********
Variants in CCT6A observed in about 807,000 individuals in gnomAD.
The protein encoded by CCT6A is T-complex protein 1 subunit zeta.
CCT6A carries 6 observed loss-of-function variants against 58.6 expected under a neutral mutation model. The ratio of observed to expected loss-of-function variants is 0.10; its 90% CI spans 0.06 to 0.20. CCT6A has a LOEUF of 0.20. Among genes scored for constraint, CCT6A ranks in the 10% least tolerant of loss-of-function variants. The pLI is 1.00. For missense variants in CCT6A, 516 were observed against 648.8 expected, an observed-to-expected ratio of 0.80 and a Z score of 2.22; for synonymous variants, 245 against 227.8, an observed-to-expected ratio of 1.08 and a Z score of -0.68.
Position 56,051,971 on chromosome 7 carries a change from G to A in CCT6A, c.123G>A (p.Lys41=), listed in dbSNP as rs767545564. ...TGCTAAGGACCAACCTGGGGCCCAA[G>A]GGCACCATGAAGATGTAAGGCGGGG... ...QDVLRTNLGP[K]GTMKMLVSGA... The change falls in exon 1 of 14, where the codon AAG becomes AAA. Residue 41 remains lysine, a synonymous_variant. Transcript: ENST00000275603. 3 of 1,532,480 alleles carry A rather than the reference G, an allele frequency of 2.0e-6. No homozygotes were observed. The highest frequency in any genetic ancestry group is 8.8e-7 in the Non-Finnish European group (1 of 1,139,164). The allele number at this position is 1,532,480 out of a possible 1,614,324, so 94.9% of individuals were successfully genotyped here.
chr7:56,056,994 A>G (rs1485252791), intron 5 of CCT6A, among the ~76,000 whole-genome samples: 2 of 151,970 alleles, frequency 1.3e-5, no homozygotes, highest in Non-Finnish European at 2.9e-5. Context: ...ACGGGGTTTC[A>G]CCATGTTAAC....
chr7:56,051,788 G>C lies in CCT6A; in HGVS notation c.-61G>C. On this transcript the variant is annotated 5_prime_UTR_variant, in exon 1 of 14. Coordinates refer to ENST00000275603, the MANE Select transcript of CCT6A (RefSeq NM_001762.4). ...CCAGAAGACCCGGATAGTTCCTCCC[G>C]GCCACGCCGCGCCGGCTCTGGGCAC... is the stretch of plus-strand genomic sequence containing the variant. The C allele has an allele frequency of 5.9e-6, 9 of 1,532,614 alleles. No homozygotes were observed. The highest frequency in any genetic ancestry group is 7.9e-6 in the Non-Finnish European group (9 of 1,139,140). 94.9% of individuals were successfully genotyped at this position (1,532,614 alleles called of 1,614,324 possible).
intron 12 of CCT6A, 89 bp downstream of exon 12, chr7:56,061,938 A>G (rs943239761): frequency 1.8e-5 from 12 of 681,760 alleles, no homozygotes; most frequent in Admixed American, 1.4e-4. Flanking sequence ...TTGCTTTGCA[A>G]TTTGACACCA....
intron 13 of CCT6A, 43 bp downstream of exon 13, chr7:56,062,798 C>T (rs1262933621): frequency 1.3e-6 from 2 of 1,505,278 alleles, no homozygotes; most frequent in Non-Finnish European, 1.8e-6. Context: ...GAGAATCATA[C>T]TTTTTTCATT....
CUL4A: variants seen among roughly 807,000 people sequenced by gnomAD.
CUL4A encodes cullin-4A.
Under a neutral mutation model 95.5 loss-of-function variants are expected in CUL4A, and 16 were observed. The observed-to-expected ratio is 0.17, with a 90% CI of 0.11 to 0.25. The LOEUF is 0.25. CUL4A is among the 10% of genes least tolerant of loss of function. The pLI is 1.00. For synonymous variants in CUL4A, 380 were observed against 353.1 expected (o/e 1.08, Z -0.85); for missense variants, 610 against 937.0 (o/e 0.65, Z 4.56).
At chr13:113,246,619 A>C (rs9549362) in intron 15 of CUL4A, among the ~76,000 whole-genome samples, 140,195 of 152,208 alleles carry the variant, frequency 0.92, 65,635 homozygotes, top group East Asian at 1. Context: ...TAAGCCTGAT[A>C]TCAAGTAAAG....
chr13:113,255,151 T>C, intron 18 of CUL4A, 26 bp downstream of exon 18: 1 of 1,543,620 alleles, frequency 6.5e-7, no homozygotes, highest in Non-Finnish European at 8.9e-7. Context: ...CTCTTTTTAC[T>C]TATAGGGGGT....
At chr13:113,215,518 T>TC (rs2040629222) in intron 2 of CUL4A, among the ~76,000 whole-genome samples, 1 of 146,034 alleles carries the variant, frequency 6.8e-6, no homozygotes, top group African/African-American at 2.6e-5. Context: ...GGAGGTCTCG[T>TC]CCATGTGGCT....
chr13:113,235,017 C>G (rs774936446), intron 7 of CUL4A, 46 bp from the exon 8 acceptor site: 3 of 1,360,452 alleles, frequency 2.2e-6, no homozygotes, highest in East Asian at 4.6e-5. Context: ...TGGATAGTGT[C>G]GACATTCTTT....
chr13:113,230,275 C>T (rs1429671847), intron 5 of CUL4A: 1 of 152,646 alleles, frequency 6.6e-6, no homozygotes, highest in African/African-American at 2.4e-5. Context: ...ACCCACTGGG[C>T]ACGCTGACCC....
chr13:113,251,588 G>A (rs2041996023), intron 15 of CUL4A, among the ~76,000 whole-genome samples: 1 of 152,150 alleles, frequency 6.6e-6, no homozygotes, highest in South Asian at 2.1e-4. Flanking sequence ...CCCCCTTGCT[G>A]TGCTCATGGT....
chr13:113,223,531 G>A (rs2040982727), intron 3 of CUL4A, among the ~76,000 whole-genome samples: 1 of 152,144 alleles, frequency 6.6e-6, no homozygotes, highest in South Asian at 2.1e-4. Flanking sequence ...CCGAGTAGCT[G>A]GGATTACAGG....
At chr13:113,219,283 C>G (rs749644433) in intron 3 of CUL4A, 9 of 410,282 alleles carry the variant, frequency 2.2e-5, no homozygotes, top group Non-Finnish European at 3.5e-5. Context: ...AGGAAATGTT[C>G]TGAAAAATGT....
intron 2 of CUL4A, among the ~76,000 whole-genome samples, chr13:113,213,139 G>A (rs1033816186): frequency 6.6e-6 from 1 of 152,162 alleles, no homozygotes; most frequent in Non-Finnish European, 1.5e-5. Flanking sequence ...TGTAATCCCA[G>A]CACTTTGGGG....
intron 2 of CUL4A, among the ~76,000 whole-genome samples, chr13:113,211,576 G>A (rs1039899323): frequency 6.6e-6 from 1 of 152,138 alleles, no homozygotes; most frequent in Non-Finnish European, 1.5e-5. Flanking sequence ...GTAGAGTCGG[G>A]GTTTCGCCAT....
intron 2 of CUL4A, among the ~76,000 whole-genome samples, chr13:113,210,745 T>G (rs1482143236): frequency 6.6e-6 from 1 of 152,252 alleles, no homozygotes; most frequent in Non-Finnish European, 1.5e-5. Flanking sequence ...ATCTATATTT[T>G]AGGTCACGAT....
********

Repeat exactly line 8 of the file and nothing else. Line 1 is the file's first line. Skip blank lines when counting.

intron 13 of CCT6A, 43 bp downstream of exon 13, chr7:56,062,798 C>T (rs1262933621): frequency 1.3e-6 from 2 of 1,505,278 alleles, no homozygotes; most frequent in Non-Finnish European, 1.8e-6. Context: ...GAGAATCATA[C>T]TTTTTTCATT....